The smiles were abundant at Blue Ridge Elementary School as the Boys & Girls Clubs of Columbia celebrated its new after-school partnership with the Columbia Public School District on Wednesday afternoon.
The day was celebrated with a Chamber of Commerce ribbon-cutting ceremony, and approximately 35 students, teachers, chamber members and Columbia Boys & Girls Clubs staff were in attendance.
This is now the third school location that Columbia Boys & Girls Clubs has opened with the district’s elementary schools. The other two locations are Alpha Hart Lewis Elementary School and Derby Ridge Elementary School.
Columbia Boys & Girls Clubs’ main location, across from Hickman High School, serves as an affordable after-school care facility for many Columbia families, but it has reached the maximum enrollment of 250 children.
By establishing these new school site locations, Columbia Boys & Girls Clubs can serve more of Columbia’s children. Blue Ridge’s and Derby Ridge’s programs can serve up to 50 children each, and Alpha Hart Lewis’ program can support 100 kids.
Valorie Livingston, executive director of Columbia Boys & Girls Clubs, said it’s a great way for the organization to expand its reach.
“It’s very cost effective to serve those kids at the school building they’re already at,” Livingston said. “It reduces some of the transportation and access barriers that are very expensive to be able to provide and that prevent some kids from being able to attend.”
The district’s role in the partnership is to coordinate logistics such as rooms, buses home for the end of the night and the kitchen staff to feed the students a snack and dinner. Columbia Boys & Girls Clubs brings its activities and educational programs to the school, working with Blue Ridge’s teachers and paying them for one-on-one tutoring after hours.
Mark Burlison, Blue Ridge’s principal, said the new partnership provides an amazing opportunity for both the students and parents at Blue Ridge.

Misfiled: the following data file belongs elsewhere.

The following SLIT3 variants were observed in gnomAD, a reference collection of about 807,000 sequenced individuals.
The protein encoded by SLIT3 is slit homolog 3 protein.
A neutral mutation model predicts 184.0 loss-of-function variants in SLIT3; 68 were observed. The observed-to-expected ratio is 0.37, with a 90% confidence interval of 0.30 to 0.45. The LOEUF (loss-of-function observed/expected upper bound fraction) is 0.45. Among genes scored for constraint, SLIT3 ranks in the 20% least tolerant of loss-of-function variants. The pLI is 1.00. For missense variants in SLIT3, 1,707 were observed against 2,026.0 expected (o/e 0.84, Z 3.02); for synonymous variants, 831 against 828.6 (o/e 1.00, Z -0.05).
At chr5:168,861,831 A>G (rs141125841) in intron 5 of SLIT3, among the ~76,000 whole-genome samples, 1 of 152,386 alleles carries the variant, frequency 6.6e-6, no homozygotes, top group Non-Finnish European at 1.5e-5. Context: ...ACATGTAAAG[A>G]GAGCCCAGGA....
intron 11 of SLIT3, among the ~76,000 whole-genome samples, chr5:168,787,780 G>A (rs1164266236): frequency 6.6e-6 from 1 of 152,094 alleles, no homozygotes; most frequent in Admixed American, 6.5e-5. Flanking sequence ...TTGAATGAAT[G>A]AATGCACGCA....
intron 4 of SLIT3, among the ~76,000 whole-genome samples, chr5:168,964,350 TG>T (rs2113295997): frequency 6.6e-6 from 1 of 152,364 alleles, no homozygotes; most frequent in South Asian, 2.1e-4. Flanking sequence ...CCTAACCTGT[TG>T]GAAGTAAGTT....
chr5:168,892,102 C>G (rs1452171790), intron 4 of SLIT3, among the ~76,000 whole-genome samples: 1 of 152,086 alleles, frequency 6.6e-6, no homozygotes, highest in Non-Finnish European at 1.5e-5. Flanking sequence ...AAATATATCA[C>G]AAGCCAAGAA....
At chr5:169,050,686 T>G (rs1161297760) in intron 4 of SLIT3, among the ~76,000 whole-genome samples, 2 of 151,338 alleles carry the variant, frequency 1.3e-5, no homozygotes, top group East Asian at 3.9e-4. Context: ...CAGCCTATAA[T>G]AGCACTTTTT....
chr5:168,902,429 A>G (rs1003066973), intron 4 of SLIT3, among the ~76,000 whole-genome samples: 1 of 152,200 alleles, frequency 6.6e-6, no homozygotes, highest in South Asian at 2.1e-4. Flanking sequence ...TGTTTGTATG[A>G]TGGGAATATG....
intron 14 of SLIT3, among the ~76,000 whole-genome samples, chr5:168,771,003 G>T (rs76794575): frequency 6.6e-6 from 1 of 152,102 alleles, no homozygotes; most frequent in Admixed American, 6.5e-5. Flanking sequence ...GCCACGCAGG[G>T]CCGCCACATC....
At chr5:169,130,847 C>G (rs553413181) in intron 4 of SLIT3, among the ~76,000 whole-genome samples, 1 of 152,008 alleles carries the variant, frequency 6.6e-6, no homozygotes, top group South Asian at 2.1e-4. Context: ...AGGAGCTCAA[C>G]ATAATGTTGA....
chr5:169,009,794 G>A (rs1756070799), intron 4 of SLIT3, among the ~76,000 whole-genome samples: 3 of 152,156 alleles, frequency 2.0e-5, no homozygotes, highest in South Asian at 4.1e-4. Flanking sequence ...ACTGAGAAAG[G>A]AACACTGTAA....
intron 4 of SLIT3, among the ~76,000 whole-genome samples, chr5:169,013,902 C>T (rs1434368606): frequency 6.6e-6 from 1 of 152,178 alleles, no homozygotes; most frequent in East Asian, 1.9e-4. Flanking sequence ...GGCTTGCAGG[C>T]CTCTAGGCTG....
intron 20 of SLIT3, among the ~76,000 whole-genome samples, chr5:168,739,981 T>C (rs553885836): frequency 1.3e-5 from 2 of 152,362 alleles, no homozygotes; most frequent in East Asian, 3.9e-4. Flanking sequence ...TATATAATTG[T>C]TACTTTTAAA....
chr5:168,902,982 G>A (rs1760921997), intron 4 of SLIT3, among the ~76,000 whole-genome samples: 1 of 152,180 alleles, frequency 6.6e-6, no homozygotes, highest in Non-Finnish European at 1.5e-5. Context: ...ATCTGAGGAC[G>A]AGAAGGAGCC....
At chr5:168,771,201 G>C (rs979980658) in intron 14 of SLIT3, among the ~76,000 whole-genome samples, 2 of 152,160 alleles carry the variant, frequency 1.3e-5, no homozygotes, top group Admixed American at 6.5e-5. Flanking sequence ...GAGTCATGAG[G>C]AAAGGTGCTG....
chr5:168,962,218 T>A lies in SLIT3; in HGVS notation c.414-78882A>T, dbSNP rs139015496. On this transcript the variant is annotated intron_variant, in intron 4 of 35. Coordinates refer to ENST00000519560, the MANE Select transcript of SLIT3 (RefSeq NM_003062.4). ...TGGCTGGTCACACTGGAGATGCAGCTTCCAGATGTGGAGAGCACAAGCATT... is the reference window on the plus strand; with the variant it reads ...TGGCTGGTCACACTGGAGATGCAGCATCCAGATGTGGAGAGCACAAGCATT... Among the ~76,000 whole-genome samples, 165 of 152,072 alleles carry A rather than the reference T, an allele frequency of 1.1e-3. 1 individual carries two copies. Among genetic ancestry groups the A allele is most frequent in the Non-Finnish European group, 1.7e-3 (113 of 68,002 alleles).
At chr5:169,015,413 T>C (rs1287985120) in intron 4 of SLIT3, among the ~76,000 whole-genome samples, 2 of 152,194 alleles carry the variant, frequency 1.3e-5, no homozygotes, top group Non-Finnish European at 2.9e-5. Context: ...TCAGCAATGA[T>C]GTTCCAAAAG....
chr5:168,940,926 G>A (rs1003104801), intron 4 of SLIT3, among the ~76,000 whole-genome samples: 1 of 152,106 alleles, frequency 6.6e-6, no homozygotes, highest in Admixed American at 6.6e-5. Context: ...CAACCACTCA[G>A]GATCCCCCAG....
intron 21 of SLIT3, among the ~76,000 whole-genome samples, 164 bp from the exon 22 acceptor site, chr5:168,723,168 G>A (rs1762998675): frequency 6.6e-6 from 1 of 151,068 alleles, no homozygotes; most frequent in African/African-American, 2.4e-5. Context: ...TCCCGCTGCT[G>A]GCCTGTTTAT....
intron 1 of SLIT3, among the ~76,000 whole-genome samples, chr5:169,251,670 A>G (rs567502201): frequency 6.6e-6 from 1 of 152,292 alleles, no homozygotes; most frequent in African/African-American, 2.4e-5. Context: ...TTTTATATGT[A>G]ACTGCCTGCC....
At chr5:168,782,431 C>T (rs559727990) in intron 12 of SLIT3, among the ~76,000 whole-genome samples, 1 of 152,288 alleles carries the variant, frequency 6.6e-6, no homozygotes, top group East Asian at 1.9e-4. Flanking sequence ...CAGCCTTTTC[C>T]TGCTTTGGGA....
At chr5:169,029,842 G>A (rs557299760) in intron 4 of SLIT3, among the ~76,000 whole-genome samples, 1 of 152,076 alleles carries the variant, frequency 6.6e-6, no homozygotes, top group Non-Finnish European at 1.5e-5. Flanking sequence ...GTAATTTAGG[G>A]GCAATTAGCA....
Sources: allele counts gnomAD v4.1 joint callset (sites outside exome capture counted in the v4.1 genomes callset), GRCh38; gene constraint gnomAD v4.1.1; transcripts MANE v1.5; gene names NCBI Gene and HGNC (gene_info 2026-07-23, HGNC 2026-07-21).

“It’s a guaranteed on-site, safe place for our students until 7 p.m.,” Burlison said. “It means a lot to every kid, and it’s an affordable option for all of our families.”
The program was made possible through funding from the Boone County Children’s Services Fund and other local funding sources, according to a news release. Amy Messner, the site director for the Blue Ridge program, said she was thrilled to get the funding that they needed to get the program off the ground.
“Most of our kids are on scholarship, so they pay about $20 a semester for after-school care,” Messner said. “It takes a lot to get to run this program, so I was worried at first. But it’s growing every week ... and we don’t discriminate based on ability to pay.”
Heather Southwood, a kindergarten teacher at Blue Ridge, said she’s grateful for the opportunity to work with her students and also other children as a tutor.
“I can help so many kids this way,” Southwood said. “And they make it so fun. The kids are just so happy to have this.”
Many students in attendance shared the reasons why they were excited for the new program, with the most popular answers being hanging out with friends, playing games and, of course, the snacks.
“I get to work on my homework at school and spend time with my cousin,” Blue Ridge second-grader Meyah Newhouse said. “And I get to eat cookies!”